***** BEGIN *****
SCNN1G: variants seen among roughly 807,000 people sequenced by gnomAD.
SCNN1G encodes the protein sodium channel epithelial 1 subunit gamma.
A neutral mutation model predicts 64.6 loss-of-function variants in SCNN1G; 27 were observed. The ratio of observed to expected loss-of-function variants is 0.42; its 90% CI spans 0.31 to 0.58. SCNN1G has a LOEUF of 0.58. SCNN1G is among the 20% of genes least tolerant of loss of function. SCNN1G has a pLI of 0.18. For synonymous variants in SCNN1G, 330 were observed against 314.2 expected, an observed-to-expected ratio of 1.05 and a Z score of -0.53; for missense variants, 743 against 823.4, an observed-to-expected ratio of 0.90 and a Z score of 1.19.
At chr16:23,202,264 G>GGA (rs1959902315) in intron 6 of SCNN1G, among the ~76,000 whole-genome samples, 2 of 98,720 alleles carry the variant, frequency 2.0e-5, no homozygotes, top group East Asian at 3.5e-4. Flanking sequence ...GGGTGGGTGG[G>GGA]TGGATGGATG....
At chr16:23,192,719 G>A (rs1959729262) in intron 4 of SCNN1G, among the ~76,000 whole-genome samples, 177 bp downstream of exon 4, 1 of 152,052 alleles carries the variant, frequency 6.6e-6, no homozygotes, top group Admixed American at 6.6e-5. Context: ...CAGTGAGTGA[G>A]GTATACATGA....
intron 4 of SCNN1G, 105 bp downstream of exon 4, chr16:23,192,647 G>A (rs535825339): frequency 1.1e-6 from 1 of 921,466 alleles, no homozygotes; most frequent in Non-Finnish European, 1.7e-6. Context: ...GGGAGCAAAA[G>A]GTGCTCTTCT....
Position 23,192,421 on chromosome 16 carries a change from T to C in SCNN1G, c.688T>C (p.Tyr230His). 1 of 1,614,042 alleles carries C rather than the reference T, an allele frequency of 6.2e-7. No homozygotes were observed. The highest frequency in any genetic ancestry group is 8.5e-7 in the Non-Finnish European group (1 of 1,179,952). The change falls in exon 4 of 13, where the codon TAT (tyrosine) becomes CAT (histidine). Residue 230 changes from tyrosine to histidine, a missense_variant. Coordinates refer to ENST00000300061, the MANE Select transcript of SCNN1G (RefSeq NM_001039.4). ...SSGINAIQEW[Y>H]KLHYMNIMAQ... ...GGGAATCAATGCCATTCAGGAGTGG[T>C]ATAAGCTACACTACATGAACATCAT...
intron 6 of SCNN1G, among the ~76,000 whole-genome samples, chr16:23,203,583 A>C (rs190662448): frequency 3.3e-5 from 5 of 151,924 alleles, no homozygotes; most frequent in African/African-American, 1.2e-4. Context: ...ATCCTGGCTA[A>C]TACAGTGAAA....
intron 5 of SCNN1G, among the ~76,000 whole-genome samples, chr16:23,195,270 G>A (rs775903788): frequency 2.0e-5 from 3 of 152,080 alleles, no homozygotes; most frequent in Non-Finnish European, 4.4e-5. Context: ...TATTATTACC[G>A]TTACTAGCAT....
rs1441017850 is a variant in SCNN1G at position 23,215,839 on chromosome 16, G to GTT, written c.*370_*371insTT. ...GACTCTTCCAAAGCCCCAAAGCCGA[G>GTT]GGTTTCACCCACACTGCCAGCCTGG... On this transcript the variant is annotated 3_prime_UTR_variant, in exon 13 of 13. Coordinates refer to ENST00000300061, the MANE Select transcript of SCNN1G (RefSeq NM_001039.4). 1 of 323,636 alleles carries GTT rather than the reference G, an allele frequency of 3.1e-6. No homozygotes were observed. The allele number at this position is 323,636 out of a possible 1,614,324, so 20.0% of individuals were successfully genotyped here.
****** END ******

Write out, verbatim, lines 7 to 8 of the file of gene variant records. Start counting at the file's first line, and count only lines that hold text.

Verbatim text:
Position 23,192,421 on chromosome 16 carries a change from T to C in SCNN1G, c.688T>C (p.Tyr230His). 1 of 1,614,042 alleles carries C rather than the reference T, an allele frequency of 6.2e-7. No homozygotes were observed. The highest frequency in any genetic ancestry group is 8.5e-7 in the Non-Finnish European group (1 of 1,179,952). The change falls in exon 4 of 13, where the codon TAT (tyrosine) becomes CAT (histidine). Residue 230 changes from tyrosine to histidine, a missense_variant. Coordinates refer to ENST00000300061, the MANE Select transcript of SCNN1G (RefSeq NM_001039.4). ...SSGINAIQEW[Y>H]KLHYMNIMAQ... ...GGGAATCAATGCCATTCAGGAGTGG[T>C]ATAAGCTACACTACATGAACATCAT...
intron 6 of SCNN1G, among the ~76,000 whole-genome samples, chr16:23,203,583 A>C (rs190662448): frequency 3.3e-5 from 5 of 151,924 alleles, no homozygotes; most frequent in African/African-American, 1.2e-4. Context: ...ATCCTGGCTA[A>C]TACAGTGAAA....